The investigation into Silverman began in August 2018, when the Washington Hebrew Congregation's preschool told D.C. police that a preschooler claimed to have been abused by a teacher. As word of the allegations spread, the parents of more children—boys and girls, ages two to four— also came forward to say their children had been abused.
Silverman—a former Vermont photographer with no full-time educational background—was placed on leave that month and fired in October. Police and prosecutors did not name him publicly at the time, but emails reviewed by The Daily Beast reveal that he was the subject of a criminal investigation.
Parents of eight children sued the Washington Hebrew Congregation in April, accusing the school of turning a blind eye to the “grievous, demeaning and damaging forms of sexual abuse” that Silveman allegedly inflicted over more than two years. Two more families were added to that suit this month.
The attorney in that case, Michael Dolce, previously told The Daily Beast that they believed Silverman had taken small groups of children to remote locations both inside and outside of the building to abuse them. Three more parents filed a separate suit in May, bringing the total number of alleged victims to 14.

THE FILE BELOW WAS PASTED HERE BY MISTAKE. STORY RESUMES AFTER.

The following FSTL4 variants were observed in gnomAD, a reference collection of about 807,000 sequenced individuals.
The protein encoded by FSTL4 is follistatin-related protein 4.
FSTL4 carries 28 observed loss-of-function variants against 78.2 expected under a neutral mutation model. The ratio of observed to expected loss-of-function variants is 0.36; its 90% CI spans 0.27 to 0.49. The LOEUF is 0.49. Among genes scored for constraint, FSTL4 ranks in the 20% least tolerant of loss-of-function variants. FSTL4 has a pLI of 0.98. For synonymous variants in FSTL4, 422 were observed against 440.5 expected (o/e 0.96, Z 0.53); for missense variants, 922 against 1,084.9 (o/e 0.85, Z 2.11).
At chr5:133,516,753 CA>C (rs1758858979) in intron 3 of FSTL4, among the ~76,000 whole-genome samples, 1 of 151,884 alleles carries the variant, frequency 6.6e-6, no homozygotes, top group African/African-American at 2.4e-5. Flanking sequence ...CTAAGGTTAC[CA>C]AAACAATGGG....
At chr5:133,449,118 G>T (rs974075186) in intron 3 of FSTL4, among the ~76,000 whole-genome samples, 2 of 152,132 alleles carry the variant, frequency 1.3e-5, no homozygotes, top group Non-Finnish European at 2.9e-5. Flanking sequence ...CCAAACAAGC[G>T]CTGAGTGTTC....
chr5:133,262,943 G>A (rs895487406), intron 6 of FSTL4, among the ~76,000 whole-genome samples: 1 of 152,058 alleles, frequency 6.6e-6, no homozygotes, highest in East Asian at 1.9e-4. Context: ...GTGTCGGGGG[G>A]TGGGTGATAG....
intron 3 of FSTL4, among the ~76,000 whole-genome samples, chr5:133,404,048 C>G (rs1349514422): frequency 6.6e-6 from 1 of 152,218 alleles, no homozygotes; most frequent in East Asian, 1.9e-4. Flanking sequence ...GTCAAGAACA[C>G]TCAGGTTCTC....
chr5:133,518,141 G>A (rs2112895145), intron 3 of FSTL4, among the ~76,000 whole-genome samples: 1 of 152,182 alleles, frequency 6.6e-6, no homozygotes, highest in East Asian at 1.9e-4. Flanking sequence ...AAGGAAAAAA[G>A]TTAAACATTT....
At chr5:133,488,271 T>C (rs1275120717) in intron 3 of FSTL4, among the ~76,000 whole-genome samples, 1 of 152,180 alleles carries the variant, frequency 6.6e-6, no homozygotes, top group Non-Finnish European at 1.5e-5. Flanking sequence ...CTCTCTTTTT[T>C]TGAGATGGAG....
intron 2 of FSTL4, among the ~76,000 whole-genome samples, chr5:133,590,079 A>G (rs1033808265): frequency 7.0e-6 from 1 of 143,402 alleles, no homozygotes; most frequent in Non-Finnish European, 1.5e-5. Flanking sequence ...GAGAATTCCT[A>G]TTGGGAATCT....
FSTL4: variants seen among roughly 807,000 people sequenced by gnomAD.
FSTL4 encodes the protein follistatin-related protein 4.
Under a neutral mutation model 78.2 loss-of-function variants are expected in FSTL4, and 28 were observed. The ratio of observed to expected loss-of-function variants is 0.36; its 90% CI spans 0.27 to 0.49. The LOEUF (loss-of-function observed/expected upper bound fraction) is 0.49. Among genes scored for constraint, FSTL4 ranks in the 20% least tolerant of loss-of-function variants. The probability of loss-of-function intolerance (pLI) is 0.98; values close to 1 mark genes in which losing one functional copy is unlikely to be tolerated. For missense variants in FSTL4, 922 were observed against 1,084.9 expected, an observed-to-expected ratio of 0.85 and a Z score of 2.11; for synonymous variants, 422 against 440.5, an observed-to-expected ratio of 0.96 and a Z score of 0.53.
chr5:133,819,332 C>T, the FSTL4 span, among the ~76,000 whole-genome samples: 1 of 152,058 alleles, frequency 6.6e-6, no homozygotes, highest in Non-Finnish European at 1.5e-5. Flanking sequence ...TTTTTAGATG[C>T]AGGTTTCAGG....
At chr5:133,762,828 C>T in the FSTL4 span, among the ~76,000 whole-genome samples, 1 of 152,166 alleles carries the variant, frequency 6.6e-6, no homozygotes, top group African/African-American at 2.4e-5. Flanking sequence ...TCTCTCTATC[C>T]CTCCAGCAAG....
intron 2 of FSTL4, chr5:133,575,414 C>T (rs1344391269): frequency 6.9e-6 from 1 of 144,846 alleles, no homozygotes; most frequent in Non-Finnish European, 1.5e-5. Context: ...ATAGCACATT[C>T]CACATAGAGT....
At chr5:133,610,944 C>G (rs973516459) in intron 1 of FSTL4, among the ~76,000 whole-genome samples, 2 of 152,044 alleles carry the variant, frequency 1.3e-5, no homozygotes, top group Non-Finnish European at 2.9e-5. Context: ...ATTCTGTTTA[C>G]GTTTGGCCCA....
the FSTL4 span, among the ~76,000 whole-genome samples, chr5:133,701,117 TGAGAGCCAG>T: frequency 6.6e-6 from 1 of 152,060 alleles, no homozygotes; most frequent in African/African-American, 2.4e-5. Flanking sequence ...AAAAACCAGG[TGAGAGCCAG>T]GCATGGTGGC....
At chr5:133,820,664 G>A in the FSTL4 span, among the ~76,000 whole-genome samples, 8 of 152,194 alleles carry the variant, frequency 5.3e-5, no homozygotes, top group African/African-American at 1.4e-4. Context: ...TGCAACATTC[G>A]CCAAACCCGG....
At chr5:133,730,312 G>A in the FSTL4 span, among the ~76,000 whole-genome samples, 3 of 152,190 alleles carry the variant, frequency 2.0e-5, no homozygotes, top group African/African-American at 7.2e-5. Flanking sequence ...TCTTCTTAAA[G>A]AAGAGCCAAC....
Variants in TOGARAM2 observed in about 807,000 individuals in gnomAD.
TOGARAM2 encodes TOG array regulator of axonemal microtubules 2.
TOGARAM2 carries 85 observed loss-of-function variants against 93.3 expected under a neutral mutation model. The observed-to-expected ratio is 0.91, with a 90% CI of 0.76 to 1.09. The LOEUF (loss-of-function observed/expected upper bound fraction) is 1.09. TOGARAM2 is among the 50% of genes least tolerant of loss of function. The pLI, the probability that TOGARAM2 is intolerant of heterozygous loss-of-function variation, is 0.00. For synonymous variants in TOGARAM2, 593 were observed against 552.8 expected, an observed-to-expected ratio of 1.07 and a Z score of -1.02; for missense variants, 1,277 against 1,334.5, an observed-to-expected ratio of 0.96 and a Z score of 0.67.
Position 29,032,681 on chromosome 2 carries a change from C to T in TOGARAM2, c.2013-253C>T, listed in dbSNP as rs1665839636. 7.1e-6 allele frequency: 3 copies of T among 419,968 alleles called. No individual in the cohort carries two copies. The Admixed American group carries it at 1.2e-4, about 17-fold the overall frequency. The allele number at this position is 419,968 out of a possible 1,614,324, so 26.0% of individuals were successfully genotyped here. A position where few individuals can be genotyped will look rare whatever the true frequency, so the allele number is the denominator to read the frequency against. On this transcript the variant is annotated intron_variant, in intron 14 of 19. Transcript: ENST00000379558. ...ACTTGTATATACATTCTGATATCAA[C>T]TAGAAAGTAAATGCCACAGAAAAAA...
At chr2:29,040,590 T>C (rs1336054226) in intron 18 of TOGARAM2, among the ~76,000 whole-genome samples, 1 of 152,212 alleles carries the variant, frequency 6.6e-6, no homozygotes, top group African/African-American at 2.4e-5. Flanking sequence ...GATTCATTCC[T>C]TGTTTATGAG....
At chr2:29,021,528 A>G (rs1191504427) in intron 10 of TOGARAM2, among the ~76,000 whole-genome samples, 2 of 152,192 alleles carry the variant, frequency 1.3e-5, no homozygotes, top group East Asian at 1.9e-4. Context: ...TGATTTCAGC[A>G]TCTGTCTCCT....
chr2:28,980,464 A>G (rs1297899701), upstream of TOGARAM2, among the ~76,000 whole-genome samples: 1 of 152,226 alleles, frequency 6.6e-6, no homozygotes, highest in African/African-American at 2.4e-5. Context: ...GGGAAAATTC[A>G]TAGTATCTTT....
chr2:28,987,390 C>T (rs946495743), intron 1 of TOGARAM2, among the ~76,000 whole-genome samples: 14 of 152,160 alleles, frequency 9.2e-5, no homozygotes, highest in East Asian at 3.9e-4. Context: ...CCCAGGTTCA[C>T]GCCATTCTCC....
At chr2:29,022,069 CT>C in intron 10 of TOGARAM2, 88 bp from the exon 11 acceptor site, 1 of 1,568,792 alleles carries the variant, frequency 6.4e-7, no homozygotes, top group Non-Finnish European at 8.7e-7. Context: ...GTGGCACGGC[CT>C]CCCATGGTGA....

The Office of the State Superintendent of Education conducted an investigation into the allegations last year, according to a cease-and-desist letter obtained by CNN. While Silverman is not named in the June 2019 letter, the investigation found that "more than one child was a victim of sexual abuse” by an “alleged maltreator” at the school. It said that the “alleged maltreator” would “regularly take groups of children outside or to the bathroom by himself for extended periods of time with a handheld radio, but not respond to the radio when called."
The OSSE also found that the school did not enforce its “no cell-phone” policy, allowing the “alleged maltreator” to take pictures and video of the students. They noted that the school had no record of any application, resume, letters of reference, or verification that Silverman met the credential requirements for an assistant teacher.
In a statement on Thursday, Washington Hebrew said that it had taken “extraordinary steps” to ensure student safety, and that the corrective action plan brought to them by OSSE was in line with improvements they had already made. They added that they were working closely with the families who filed suit to “find a resolution that will bring healing to all concerned.”
“All OSSE requirements have been fulfilled and we are fully licensed to operate our child care programs year round, with no interruption to the continuous early childhood education programs that we have offered,” a spokesperson for the school said.
Family members of Silverman’s alleged victims had been working closely with the U.S. attorney’s office for months, operating—they say—under the assumption that the office would talk to them individually before making a decision on the case. On Monday, O’Brien alerted the families’ attorney that the case had been closed, leaving several parents shocked—not only that they were hearing the news indirectly but that O’Brien was apparently going to inform Silverman about the investigation’s closure first.